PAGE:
However, it is always safe to open text messages sent through OnionShare.

Tips for running a receive service

If you want to host your own anonymous dropbox using OnionShare, it’s recommended you do so on a separate, dedicated computer always powered on and connected to the internet, and not on the one you use on a regular basis.

If you intend to put the OnionShare address on your website or social media profiles, save the tab (see Save Tabs) and run it as a public service (see Turn Off Private Key). It’s also a good idea to give it a custom title (see Custom Titles).

Host a Website

To host a static HTML website with OnionShare, open a website tab, drag the files and folders that make up the static content there, and click “Start sharing” when you are ready.


If you add an index.html file, it will render when someone loads your website. You should also include any other HTML files, CSS files, JavaScript files, and images that make up the website. (Note that OnionShare only supports hosting static websites. It can’t host websites that execute code or use databases. So you can’t for example use WordPress.)

If you don’t have an index.html file, it will show a directory listing instead, and people loading it can look through the files and download them.

After you add files, you’ll see some settings. Make sure you choose the setting you’re interested in before you start sharing.


Content Security Policy

By default OnionShare helps secure your website by setting a strict Content Security Policy header. However, this prevents third-party content from loading inside the web page.

If you want to load content from third-party websites, like assets or JavaScript libraries from CDNs, you have two options:

  • You can disable sending a Content Security Policy header by checking the “Don’t send Content Security Policy header (allows your website to use third-party resources)” box before starting the service.

  • You can send a custom Content Security Policy header.

Tips for running a website service

If you want to host a long-term website using OnionShare (meaning not just to quickly show someone something), it’s recommended you do it on a separate, dedicated computer that is always powered on and connected to the internet, and not on the one you use on a regular basis. Save the tab (see Save Tabs) so you can resume the website with the same address if you close OnionShare and re-open it later.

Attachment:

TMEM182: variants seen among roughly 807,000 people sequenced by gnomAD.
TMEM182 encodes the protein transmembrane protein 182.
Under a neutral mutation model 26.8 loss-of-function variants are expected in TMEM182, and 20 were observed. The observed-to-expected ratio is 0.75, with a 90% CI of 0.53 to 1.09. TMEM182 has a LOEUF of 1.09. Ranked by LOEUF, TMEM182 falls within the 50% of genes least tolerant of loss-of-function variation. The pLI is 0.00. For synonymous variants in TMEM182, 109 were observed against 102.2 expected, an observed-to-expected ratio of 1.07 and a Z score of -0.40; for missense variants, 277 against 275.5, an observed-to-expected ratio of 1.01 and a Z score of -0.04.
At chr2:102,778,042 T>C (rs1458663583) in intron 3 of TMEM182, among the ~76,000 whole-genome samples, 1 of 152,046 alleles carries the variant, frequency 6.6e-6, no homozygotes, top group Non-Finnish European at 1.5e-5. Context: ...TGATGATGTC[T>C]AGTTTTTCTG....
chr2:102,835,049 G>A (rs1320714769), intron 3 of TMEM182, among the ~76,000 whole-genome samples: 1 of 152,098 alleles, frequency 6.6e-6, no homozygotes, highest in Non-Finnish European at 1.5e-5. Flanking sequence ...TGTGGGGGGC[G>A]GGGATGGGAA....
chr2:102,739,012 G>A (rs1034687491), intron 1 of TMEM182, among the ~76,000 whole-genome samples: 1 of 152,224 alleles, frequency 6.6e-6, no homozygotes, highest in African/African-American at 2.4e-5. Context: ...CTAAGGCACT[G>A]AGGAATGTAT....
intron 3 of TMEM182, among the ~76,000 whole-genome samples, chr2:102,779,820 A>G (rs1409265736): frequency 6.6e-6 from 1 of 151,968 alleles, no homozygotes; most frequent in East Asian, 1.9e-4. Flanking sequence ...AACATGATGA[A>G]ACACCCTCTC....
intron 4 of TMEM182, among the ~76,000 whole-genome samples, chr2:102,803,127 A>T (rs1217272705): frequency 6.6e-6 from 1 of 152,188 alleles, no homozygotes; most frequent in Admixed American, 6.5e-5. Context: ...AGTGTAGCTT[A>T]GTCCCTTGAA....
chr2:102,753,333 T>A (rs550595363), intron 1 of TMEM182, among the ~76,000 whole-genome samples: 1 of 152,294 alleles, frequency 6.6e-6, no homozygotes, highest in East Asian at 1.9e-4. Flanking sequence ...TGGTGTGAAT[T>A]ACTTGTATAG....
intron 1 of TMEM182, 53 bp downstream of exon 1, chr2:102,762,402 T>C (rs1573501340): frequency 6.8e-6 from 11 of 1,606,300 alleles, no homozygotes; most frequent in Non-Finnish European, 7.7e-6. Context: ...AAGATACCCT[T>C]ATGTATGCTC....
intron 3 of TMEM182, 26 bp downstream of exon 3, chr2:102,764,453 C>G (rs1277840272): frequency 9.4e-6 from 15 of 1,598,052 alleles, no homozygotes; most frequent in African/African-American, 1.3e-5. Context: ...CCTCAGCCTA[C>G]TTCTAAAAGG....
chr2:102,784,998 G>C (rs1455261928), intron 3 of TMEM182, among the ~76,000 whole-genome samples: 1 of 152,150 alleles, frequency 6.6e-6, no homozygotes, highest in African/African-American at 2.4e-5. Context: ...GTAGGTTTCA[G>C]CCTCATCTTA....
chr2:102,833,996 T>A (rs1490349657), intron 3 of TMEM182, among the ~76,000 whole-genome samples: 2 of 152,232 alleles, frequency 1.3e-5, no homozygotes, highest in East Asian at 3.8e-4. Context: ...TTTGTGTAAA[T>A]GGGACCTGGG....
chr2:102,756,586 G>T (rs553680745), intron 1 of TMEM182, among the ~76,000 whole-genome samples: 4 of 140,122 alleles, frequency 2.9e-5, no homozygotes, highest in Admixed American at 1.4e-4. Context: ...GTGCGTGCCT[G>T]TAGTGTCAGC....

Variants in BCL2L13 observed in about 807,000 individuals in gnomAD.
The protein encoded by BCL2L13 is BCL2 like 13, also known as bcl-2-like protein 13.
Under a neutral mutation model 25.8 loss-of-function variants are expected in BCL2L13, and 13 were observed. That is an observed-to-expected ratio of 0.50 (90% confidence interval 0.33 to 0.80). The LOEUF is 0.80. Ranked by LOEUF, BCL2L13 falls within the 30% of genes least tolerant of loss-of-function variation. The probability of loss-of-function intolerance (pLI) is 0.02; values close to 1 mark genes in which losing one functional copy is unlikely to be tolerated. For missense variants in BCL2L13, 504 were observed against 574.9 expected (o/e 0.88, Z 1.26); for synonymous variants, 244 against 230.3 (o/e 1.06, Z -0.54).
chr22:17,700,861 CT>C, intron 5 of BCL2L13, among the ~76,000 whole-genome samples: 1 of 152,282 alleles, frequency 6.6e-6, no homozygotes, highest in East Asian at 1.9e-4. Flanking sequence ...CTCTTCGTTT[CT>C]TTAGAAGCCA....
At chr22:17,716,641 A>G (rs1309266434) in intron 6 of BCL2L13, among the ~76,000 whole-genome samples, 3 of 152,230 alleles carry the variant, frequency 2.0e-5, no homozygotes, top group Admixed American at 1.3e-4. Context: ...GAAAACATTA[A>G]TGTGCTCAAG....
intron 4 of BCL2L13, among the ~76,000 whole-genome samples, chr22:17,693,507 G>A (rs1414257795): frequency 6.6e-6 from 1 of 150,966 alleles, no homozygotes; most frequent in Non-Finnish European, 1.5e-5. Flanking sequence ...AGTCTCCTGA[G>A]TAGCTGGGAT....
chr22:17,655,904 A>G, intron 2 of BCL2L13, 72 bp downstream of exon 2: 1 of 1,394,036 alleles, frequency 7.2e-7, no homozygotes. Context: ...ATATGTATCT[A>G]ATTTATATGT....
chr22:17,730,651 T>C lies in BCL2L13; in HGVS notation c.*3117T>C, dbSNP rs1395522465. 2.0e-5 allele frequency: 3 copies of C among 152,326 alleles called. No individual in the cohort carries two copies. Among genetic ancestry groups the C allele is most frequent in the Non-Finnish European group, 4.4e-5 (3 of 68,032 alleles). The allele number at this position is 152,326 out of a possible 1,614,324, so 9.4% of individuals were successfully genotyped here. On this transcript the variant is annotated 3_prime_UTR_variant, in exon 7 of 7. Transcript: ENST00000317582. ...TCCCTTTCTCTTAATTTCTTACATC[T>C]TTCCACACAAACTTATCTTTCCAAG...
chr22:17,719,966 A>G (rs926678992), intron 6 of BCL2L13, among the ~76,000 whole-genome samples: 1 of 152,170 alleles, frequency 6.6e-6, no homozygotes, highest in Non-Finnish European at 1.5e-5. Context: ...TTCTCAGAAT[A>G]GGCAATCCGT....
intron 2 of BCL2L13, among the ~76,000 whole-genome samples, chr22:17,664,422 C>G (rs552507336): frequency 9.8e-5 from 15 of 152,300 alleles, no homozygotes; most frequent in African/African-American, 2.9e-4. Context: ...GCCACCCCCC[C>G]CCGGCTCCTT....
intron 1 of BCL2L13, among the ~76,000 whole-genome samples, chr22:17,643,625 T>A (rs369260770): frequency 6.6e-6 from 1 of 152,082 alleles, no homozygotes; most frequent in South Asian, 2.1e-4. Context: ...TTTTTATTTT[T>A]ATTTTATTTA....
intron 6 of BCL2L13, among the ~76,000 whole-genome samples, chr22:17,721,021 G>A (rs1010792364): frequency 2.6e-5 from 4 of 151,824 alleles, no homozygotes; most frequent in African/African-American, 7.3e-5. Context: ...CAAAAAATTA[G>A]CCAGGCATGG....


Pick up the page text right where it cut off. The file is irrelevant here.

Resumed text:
If your website is intended for the public, you should run it as a public service (see Turn Off Private Key).

Chat Anonymously

You can use OnionShare to set up a private, secure chat room that doesn’t log anything. Just open a chat tab and click “Start chat server”.


After you start the server, copy the OnionShare address and private key and send them to the people you want in the anonymous chat room. If it’s important to limit exactly who can join, use an encrypted messaging app to send out the OnionShare address and private key.


People can join the chat room by loading its OnionShare address in Tor Browser. The chat room requires JavasScript, so everyone who wants to participate must have their Tor Browser security level set to “Standard” or “Safer”, instead of “Safest”.

When someone joins the chat room they get assigned a random name. They can change their name by typing a new name in the box in the left panel and pressing ↵. Since the chat history isn’t saved anywhere, it doesn’t get displayed at all, even if others were already chatting in the room.


In an OnionShare chat room, everyone is anonymous. Anyone can change their name to anything, and there is no way to confirm anyone’s identity.

However, if you create an OnionShare chat room and securely send the address only to a small group of trusted friends using encrypted messages, you can be reasonably confident the people joining the chat room are your friends.

How is this useful?

If you need to already be using an encrypted messaging app, what’s the point of an OnionShare chat room to begin with? It leaves less traces.

If you for example send a message to a Signal group, a copy of your message ends up on each device (the smartphones, and computers if they set up Signal Desktop) of each member of the group. Even if disappearing messages is turned on, it’s hard to confirm all copies of the messages are actually deleted from all devices, and from any other places (like notifications databases) they may have been saved to. OnionShare chat rooms don’t store any messages anywhere, so the problem is reduced to a minimum.

OnionShare chat rooms can also be useful for people wanting to chat anonymously and securely with someone without needing to create any accounts. For example, a source can send an OnionShare address to a journalist using a disposable email address, and then wait for the journalist to join the chat room, all without compromosing their anonymity.

How does the encryption work?

Because OnionShare relies on Tor onion services, connections between the Tor Browser and OnionShare are all end-to-end encrypted (E2EE). When someone posts a message to an OnionShare chat room, they send it to the server through the E2EE onion connection, which then sends it to all other members of the chat room using WebSockets, through their E2EE onion connections.

OnionShare doesn’t implement any chat encryption on its own. It relies on the Tor onion service’s encryption instead.